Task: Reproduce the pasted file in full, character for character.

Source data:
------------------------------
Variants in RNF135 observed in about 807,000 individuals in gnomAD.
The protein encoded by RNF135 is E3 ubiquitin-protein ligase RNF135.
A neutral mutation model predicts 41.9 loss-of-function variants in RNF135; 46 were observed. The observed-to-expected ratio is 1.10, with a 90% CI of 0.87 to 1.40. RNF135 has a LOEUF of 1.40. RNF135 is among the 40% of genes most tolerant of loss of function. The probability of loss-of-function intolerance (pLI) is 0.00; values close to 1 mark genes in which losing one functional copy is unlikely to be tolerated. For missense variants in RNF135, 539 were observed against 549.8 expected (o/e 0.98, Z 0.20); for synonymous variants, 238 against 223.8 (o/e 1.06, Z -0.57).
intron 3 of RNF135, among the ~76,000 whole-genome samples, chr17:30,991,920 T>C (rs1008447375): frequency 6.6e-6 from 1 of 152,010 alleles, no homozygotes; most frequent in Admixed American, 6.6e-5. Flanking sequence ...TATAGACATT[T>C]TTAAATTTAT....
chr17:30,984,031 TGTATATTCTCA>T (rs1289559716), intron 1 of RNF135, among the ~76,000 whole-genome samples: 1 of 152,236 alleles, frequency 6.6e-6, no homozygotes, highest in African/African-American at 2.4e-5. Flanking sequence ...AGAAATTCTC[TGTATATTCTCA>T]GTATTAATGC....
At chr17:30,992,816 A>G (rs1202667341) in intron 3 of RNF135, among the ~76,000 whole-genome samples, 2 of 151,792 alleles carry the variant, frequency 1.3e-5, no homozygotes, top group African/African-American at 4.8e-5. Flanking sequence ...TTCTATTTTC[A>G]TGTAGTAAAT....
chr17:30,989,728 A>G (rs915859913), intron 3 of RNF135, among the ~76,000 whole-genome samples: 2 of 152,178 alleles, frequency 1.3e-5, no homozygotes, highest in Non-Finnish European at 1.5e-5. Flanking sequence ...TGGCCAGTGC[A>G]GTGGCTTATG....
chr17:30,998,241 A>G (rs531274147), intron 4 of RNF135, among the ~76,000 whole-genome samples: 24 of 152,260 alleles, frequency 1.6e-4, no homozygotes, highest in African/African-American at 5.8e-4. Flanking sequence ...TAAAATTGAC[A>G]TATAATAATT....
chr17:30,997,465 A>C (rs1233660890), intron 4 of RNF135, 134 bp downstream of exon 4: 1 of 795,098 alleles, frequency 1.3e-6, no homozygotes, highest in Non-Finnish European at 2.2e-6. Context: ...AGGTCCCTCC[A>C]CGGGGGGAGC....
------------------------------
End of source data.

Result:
Variants in RNF135 observed in about 807,000 individuals in gnomAD.
The protein encoded by RNF135 is E3 ubiquitin-protein ligase RNF135.
A neutral mutation model predicts 41.9 loss-of-function variants in RNF135; 46 were observed. The observed-to-expected ratio is 1.10, with a 90% CI of 0.87 to 1.40. RNF135 has a LOEUF of 1.40. RNF135 is among the 40% of genes most tolerant of loss of function. The probability of loss-of-function intolerance (pLI) is 0.00; values close to 1 mark genes in which losing one functional copy is unlikely to be tolerated. For missense variants in RNF135, 539 were observed against 549.8 expected (o/e 0.98, Z 0.20); for synonymous variants, 238 against 223.8 (o/e 1.06, Z -0.57).
intron 3 of RNF135, among the ~76,000 whole-genome samples, chr17:30,991,920 T>C (rs1008447375): frequency 6.6e-6 from 1 of 152,010 alleles, no homozygotes; most frequent in Admixed American, 6.6e-5. Flanking sequence ...TATAGACATT[T>C]TTAAATTTAT....
chr17:30,984,031 TGTATATTCTCA>T (rs1289559716), intron 1 of RNF135, among the ~76,000 whole-genome samples: 1 of 152,236 alleles, frequency 6.6e-6, no homozygotes, highest in African/African-American at 2.4e-5. Flanking sequence ...AGAAATTCTC[TGTATATTCTCA>T]GTATTAATGC....
At chr17:30,992,816 A>G (rs1202667341) in intron 3 of RNF135, among the ~76,000 whole-genome samples, 2 of 151,792 alleles carry the variant, frequency 1.3e-5, no homozygotes, top group African/African-American at 4.8e-5. Flanking sequence ...TTCTATTTTC[A>G]TGTAGTAAAT....
chr17:30,989,728 A>G (rs915859913), intron 3 of RNF135, among the ~76,000 whole-genome samples: 2 of 152,178 alleles, frequency 1.3e-5, no homozygotes, highest in Non-Finnish European at 1.5e-5. Flanking sequence ...TGGCCAGTGC[A>G]GTGGCTTATG....
chr17:30,998,241 A>G (rs531274147), intron 4 of RNF135, among the ~76,000 whole-genome samples: 24 of 152,260 alleles, frequency 1.6e-4, no homozygotes, highest in African/African-American at 5.8e-4. Flanking sequence ...TAAAATTGAC[A>G]TATAATAATT....
chr17:30,997,465 A>C (rs1233660890), intron 4 of RNF135, 134 bp downstream of exon 4: 1 of 795,098 alleles, frequency 1.3e-6, no homozygotes, highest in Non-Finnish European at 2.2e-6. Context: ...AGGTCCCTCC[A>C]CGGGGGGAGC....